-  Please tell about your childhood.

- I am 63. I was born in Saint Paul, Minnesota. My father died when I was 1-year old. He died of poliomyelitis. It was before they had the vaccination. And my mother was from Oklahoma. Minnesota is in the North, it’s very cold, the accents are different, the food is different, and the culture is different than where her people came from, Oklahoma. So she decided after one year to move back to Oklahoma with myself and older brother who was four years old. I grew up in Oklahoma, in a small town of 2 000 people. I had a very good childhood because in those of 1950s and 1960s until the end on 1960s when things became politically more doubtful. We had a very slow pace of life, relaxed pace of life, there was no technology; there were no computers, of course. You just had the one telephone only to answer and three channels on your television. I remember even the color television coming in 1962 when I was 10 years old. And of course, those were the days of the Cold War, so we were wondering:”Are we going to race the Soviets to the Moon? And who’s going to get there first? Are we going to have a bad war?” We were concerned about things like that but not concerned like an everyday situation. We weren’t obsessed with it. It was something that was THERE. Over there. In those days it seemed that there were no things like drugs in the society, there were in the cities but not in the small towns. There are now, unfortunately. There were just some few alcoholics, that’s all there were. So we had a more stable life, we were poor, we didn’t have as much money as most Americans do now. But we had a lot more social stability, very few marriages ended in divorce. And the main thing is corporate America big corporations, big stores, they didn’t exist, just a few. We had to go to the city. You could do all your shopping in the little town. There were eight little supermarkets, six barbers.  It was very quiet; it was like a big family. And I stayed there, there 41 people in my graduating class, that’s all. At the age of 18 I left it all and went off to the University. That was the end of my childhood. And I only ever came back to visit this little town.

- Would you like to go and visit this town?

- 18 years of your life. I you have grown up in one culture, this culture will define you. Not any other. Any other culture that might exist even in the US.  In another state or another place, I won’t fully understand it because I haven’t lived there. I don’t know what’s it like and we have many different sub-cultures in US. So I will always love this place because I had very positive childhood there and I like having grown up in such a small place with very kind people, really just people for the most part. I would like to go back and see if something has changed, I have a feeling that the big corporations now that exist everywhere and can give you the lower price will cause the downtown, the business area to die, it’s pretty much dead. But to live there for the rest of my life after I retire, I think it might be that I still find I want to travel because more than anything in my life I’ve always been a traveler, a gypsy. So if I go back it maybe for a year. I might even stay two years but I really don’t see myself staying there for the rest of my life. I want to go back and visit my old friends, see what it was like and then - bye-bye again, dosvidania!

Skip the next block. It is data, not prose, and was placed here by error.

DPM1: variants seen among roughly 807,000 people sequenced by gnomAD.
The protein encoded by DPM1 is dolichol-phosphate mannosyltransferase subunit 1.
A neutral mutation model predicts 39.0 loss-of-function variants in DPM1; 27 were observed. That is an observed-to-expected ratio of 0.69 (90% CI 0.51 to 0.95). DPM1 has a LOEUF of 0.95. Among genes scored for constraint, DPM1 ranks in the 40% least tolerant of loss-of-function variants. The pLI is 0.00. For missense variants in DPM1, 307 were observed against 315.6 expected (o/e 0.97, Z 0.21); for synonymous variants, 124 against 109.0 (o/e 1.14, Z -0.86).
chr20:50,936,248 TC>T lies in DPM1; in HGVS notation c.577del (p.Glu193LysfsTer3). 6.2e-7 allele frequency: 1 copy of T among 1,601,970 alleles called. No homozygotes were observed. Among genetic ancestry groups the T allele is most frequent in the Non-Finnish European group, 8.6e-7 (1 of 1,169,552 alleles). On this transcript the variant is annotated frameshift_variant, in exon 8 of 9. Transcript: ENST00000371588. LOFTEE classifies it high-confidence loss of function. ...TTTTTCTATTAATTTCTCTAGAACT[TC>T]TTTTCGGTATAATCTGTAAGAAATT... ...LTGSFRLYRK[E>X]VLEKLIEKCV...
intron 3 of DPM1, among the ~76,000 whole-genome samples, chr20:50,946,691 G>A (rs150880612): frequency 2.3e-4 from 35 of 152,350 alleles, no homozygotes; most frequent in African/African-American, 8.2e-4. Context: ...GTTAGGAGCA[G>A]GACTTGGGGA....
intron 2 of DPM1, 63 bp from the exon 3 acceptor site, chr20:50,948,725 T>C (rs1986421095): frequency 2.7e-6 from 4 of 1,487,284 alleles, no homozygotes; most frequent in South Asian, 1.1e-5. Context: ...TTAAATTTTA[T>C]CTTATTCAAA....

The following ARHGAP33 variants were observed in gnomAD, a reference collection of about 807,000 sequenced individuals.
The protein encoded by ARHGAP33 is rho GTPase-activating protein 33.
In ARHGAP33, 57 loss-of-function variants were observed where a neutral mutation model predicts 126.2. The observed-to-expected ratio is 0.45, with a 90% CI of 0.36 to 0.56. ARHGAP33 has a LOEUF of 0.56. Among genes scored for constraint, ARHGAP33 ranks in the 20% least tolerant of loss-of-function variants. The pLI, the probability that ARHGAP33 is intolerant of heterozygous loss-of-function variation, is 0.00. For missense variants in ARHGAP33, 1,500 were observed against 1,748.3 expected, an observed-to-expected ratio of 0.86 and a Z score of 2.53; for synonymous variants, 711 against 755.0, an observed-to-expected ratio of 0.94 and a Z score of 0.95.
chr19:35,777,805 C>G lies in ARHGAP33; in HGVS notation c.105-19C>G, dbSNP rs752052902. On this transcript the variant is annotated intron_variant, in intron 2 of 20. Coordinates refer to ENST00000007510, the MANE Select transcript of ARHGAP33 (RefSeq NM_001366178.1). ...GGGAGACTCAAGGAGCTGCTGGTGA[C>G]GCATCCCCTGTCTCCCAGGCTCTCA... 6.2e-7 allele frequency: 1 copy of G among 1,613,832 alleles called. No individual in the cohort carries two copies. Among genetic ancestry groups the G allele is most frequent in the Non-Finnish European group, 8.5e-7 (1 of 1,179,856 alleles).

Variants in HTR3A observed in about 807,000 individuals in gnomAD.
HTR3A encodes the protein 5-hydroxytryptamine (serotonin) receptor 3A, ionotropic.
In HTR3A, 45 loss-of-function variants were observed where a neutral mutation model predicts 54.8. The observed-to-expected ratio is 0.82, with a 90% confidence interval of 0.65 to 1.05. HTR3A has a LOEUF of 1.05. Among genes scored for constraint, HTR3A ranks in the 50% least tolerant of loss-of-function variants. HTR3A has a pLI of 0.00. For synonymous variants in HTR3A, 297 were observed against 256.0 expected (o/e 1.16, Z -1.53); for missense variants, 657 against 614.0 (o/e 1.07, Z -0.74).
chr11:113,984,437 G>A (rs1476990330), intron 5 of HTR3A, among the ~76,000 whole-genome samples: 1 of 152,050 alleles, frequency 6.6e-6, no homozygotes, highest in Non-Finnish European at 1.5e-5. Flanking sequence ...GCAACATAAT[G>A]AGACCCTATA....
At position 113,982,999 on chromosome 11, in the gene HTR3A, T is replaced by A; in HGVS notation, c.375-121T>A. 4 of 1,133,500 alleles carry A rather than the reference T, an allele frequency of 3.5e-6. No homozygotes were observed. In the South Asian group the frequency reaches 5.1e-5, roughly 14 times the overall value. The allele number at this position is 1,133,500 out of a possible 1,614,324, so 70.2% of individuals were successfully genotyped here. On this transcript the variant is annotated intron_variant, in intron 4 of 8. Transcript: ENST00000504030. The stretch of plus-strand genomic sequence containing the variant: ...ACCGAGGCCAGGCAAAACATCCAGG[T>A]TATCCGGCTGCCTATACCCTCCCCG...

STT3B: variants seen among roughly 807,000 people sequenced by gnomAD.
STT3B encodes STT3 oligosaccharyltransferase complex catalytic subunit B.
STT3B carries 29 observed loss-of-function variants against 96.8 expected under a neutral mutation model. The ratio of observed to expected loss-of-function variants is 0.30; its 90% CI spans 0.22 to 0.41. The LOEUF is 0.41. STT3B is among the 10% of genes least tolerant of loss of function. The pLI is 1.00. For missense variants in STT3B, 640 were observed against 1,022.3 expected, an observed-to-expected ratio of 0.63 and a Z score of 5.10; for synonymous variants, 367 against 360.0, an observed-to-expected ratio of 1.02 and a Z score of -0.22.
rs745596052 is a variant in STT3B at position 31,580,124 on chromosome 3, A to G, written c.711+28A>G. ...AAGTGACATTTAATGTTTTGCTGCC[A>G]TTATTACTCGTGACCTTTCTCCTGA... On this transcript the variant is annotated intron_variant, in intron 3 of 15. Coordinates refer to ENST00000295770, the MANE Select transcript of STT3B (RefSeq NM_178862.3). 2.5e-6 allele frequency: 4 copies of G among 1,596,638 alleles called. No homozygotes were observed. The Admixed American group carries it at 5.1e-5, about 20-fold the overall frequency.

- What are your hobbies except traveling?

- When I was younger I did diving. But then I got an infection in my left ear from coming up too fast. So they advised me not to do that anymore. That was one of my hobbies.  I like some sports, I like to play tennis, I like bowling. My favorite is swimming. I really enjoy swimming since I was a university student.  It was really always something that made me feel good. Another one is fishing. I would like to go fishing this summer in Yakutia if the mosquitoes don’t kill me.  And I read a lot. Mostly history.

- Have you heard the Sakha people speak?

- I was blessed by a shaman. So I needed a translator. A very nice sound, it sounds a little bit like Turkish, Kazakh or Kirghiz.  Maybe there are some relationships between them. Has a very pleasant sound. I think, all many languages are difficult to learn. I always remember when I was in Finland. I said I understand Finnish as a very difficult language to learn and she looked at me and said to me:”Do you know any easy one?”  In other words, all languages are hard to learn. The Sakha language resembles American Indian. Oklahoma has over 70 different ethnic tribes. The Government from 20s-40s forced them to speak English. Some of the languages have died. There are some that are still spoken by older people. They just started to bring their culture back.

- As an English teacher what can you say about peculiar features of learning English as a foreign language?

-I’ve taught in Mongolia, China, and Thailand. And now I’m in Russia, the Sakha republic. You find always that the mistakes the students make or the things they find the most difficult to learn are grammatical constructions that don’t exist in their language. They try to say like “how you know it is correct?”, “why is he say that?”, if there’s not to be verb used there is. Sometimes they leave out is.  Students will say “I’m study”.  But it’s hard to use this participle, you have to say “I am studying”.  –ing. It’s a very important sound -ing because there are certain grammatical mistakes you can get away with. You can fail to use correctly and it doesn’t sound so bad.  But there are some like “I am study”. That sounds in English really bad. This is why I tell my students you must never say this. Of course, the one very difficult sound in English for all speakers (not just Russians) is voiceless th (like in “three”) and th with voice, with sound. That’s trivial. It’s not really important to me. The main function of language is communication.